Many people experience dental anxiety when it comes to the dentist. For some, worry and fear stem from past experiences, while others may worry about pain or the cost of treatment. Unfortunately, these fears can sometimes prevent patients from receiving preventive care or necessary treatment.
There are a variety of options, such as researching dental offices and using specific distracting techniques, for those with dental apprehensions. When patients manage anxiety around going to the dentist, major oral issues may be avoided in the future.
Options for dental anxiety
The following are some techniques one can use to manage dental unease.
Try a dentist out first
Every dentist is different, and one may have a more calming aura than another. Begin talking with friends and family members for recommendations, and then do some online research. It is possible to get a pretty good feel about a dentist and their office just by checking out different websites. Many dentists will also schedule a pre-visit before scheduling an appointment for a checkup. During this visit, meet the staff and get a true sense of the environment. If it feels right and calming, this is a good start to the whole process.
Communicate fears and worries with all parties
Communicating any nervousness or specific concern from the beginning can make a huge difference. If the front desk staff knows someone is apprehensive, they may schedule the patient for a longer appointment time or with a specific hygienist.
Patients often spend a good amount of time with the dental hygienist, and this person can help ease a patient’s fears when clearly stated. To ease anxiety, some patients need a lot of communication around what is being done, while others may prefer quiet.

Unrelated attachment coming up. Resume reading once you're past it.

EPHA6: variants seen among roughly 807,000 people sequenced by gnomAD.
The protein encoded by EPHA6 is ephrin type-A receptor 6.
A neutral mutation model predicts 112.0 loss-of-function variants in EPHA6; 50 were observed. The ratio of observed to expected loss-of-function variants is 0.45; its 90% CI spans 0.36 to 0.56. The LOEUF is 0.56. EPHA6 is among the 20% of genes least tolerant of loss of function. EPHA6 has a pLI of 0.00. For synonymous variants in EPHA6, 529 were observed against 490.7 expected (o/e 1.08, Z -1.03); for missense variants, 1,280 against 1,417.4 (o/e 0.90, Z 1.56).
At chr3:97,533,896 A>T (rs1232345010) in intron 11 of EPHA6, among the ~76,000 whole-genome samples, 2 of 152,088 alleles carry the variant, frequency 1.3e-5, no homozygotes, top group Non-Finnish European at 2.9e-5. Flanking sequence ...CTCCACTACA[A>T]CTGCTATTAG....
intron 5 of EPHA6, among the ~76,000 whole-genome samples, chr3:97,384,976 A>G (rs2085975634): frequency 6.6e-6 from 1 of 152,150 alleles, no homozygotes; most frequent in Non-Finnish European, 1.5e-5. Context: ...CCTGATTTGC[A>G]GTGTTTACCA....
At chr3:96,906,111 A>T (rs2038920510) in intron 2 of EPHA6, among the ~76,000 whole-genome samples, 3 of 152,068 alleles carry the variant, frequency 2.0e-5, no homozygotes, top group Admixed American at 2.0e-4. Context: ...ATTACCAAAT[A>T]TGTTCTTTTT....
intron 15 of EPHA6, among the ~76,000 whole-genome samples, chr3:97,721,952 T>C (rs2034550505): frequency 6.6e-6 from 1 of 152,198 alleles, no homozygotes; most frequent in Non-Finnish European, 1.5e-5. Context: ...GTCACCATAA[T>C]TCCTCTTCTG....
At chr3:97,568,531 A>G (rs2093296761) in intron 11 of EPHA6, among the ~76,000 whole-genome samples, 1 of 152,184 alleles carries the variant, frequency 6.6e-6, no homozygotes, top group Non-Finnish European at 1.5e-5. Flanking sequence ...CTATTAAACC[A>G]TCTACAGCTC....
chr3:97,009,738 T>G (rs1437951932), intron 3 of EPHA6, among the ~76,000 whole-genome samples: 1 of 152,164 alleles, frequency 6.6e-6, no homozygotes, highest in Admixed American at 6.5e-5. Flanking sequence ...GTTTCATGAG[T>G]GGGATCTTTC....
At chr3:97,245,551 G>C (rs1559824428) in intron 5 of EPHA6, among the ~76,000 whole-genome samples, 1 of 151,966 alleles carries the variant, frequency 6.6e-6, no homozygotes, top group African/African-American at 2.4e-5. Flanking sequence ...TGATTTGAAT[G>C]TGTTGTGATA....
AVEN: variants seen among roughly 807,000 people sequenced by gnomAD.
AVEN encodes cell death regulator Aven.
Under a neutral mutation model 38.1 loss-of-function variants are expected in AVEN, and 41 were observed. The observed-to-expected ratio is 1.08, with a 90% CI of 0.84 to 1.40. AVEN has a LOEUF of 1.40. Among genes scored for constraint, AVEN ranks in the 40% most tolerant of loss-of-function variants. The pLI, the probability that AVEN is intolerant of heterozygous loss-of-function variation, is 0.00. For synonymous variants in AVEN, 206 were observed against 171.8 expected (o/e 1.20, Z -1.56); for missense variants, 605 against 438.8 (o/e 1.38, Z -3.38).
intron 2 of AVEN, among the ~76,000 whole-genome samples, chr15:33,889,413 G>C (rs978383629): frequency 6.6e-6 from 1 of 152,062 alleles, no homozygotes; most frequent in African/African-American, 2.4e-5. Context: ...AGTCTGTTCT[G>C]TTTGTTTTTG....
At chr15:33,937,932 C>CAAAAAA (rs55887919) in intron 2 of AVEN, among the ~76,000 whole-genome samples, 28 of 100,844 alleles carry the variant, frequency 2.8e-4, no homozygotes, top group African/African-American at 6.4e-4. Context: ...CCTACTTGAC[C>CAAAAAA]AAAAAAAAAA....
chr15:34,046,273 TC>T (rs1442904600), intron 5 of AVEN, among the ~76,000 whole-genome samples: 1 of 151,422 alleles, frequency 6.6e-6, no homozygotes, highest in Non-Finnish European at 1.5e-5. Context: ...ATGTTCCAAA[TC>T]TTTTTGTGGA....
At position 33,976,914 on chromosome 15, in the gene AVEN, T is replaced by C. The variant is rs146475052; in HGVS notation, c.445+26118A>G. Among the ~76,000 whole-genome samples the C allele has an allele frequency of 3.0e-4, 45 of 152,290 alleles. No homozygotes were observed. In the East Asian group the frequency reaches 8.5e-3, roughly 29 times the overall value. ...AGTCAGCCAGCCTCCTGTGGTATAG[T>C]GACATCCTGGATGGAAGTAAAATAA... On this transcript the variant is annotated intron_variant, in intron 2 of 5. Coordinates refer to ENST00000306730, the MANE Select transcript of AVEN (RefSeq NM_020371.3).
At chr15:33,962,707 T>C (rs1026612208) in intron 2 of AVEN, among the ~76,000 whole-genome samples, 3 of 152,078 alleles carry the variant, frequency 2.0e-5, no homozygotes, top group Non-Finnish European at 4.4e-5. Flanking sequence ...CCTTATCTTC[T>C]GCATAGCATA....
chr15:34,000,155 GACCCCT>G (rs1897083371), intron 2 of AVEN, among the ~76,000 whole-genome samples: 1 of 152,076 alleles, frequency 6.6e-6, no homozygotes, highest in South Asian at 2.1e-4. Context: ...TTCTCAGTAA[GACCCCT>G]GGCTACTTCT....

If a patient needs a specific treatment, it is very important that the dentist or oral surgeon understand the fears and apprehensions. A different strategy may be devised, or perhaps the dentist will take more breaks when anxiety is sensed.
Dentists use sedation for a number of reasons such as pain prevention and as a way to stop the gag reflex. Sedation can also be used to help patients remain relaxed and calm. Speak with the dentist about the best options, whether it is laughing gas, an IV, local anesthetic or oral sedation. This is safe for most patients and, for some, may be the best way to manage dental anxiety.
Distractions can be very helpful. If possible, bring along a friend who can keep you busy with conversation or jokes. A companion can also make sure the patient actually makes it to the appointment. Music can be very comforting for some patients, so bring along headphones and calming music. For others, mind games can provide enough distraction.
Many dental offices now offer headphones and screens so patients can relax with favorite shows or movies. This also helps drown out the sound of any tools the dentist may need to use.
Dental anxiety can be debilitating for some patients and prevents them from getting the care they need. Fortunately, there are numerous options to help ease apprehension and fears around going to the dentist.
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